Can You Really Multitask?

Day 102 Week 15 Q2 Thursday, April 11, 2024

I used to pride myself on being a world-class multitasker. Then, I noticed that none of the things I was doing were as high-level as I wanted them to be. They were all suboptimal. It is beginning to turn out that I can only do one high-quality thing at a time. I read many articles and columns declaring this over the last several years, but I thought I was fast, I was smart, and I could do it. As an advocate of repurposing content, yesterday, I found myself attempting to write words for a blog, a column, and a journal. I was a wise guy, thinking I could get all of these three things accomplished simultaneously. It didn’t work. All three writing projects had different priorities and slightly different audiences. This resulted in intermittent paralysis, with mad bouts of verbose content creation. The net result was that not only was I unable to achieve three goals simultaneously, but I achieved none of them.

This forces me to admit what others have told me and each other for quite a while: that multitasking does not really work. At least, it does not really work when the types of things you are doing require a deep dive. One of the differences between executives and artists is multitasking. When you are an executive, who is a manager of managers, you tend to be pretty interrupt-driven, having to respond to many crises every day. When you are an artist, you can also have many crises every day, but not nearly as many as an executive. You cannot create art without doing a deep dive. You cannot achieve a state of flow, where time no longer matters, without a deep dive.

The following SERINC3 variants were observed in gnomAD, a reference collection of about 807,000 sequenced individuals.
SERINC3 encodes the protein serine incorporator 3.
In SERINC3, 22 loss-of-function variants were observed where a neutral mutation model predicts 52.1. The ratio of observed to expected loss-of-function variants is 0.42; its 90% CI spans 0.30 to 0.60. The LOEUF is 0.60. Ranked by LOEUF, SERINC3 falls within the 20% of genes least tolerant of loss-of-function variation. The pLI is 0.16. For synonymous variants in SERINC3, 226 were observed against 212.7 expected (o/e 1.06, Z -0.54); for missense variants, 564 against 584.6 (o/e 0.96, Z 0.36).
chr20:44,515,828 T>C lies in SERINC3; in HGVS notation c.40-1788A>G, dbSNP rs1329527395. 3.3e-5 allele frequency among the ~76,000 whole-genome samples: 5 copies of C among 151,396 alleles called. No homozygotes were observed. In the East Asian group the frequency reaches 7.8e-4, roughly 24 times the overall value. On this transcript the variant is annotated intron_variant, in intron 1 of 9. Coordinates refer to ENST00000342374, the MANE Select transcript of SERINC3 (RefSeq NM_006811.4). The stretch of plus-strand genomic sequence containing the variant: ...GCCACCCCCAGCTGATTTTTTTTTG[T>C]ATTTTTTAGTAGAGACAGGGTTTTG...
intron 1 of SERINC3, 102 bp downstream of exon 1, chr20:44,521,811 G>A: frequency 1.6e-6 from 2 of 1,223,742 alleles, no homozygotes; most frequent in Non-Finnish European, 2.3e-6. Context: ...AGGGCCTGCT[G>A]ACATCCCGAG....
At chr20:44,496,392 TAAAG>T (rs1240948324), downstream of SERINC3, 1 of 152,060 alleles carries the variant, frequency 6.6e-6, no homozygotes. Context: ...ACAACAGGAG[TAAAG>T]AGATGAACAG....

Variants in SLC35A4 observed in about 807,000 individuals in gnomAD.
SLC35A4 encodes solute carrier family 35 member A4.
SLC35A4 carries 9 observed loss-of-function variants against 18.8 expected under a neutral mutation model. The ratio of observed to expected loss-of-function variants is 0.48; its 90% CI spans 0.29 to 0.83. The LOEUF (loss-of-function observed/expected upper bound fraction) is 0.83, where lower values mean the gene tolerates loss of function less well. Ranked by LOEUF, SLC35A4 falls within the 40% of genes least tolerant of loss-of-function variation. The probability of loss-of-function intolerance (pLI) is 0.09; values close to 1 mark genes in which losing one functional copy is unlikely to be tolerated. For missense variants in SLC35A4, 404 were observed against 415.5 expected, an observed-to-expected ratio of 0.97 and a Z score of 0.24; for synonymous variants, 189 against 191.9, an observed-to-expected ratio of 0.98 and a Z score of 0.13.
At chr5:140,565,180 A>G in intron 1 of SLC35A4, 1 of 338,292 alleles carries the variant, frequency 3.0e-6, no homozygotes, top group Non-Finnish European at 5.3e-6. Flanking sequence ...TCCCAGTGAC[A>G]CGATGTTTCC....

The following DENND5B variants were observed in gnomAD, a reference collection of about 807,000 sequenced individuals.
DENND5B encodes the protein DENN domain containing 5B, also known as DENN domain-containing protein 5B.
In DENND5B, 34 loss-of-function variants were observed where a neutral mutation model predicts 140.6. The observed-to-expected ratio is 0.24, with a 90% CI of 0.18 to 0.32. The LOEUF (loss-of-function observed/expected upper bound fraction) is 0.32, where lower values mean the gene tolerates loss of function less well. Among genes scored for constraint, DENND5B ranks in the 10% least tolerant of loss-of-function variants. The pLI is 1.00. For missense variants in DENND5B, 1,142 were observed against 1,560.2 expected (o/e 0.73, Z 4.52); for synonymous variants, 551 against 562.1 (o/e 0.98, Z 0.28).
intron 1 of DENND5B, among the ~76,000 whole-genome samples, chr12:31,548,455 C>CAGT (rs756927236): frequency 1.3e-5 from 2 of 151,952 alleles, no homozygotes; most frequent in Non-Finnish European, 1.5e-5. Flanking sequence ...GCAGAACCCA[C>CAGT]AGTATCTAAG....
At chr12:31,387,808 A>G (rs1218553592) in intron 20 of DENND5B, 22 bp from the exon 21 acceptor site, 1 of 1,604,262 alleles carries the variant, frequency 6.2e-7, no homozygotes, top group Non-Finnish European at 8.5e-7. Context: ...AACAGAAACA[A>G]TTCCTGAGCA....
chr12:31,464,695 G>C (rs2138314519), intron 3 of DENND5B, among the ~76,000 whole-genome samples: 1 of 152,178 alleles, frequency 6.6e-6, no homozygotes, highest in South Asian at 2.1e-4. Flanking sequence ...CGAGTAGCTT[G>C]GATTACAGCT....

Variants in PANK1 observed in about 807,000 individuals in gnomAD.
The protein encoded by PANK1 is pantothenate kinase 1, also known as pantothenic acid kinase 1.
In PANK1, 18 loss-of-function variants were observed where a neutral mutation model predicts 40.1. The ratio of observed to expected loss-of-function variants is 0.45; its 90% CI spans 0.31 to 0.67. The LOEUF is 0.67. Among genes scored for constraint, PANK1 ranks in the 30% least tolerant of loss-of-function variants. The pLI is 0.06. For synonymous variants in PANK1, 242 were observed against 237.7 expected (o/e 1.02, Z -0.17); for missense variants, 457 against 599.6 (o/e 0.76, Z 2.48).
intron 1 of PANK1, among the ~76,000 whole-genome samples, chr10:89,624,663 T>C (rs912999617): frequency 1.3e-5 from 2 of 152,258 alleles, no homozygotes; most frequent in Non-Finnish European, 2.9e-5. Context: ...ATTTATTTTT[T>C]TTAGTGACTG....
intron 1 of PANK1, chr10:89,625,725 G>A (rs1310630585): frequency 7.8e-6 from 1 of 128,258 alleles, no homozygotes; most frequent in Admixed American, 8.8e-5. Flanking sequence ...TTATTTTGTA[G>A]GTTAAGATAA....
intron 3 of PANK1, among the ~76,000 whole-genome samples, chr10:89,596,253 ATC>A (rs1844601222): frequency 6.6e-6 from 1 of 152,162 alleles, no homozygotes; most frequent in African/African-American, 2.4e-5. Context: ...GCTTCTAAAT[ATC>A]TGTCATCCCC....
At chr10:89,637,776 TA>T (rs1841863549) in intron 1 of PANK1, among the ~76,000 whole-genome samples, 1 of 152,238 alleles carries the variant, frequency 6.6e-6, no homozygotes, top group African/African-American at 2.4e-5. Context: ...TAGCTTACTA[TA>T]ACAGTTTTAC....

To be an executive at the level of an artist, you need to do deep dives on a regular basis. You don’t have the luxury of doing this whenever you want to, but you do have to preserve the ability to do deep dives, renew yourself, recharge your batteries, and calibrate your perspective. One possible advantage of using artificial intelligence to create some sort of virtual low-level staff is that it might provide the ability to deflect some interruptions. Potentially, this could mean that deep dives may become more available to you. After all, if you are involved in a process interacting with artificial intelligence and get interrupted to do something else, the AI will not get upset because you abruptly stopped paying attention to it.

It could be a way to be an executive and an artist, not at precisely the same time, but not requiring the suboptimal gear changing as when other people and their feelings are involved. Shifting gears too rapidly with people or sports cars can create serious problems. Simply mashing gears to get to the next level of speed is not a victimless crime. You can break people just as well as a gearbox. It is less likely you will break an AI who does not care that you were interrupted and had to forget about it for a little or a lot of time.

Think of it not as multitasking but as a delegation to a less sensitive team member.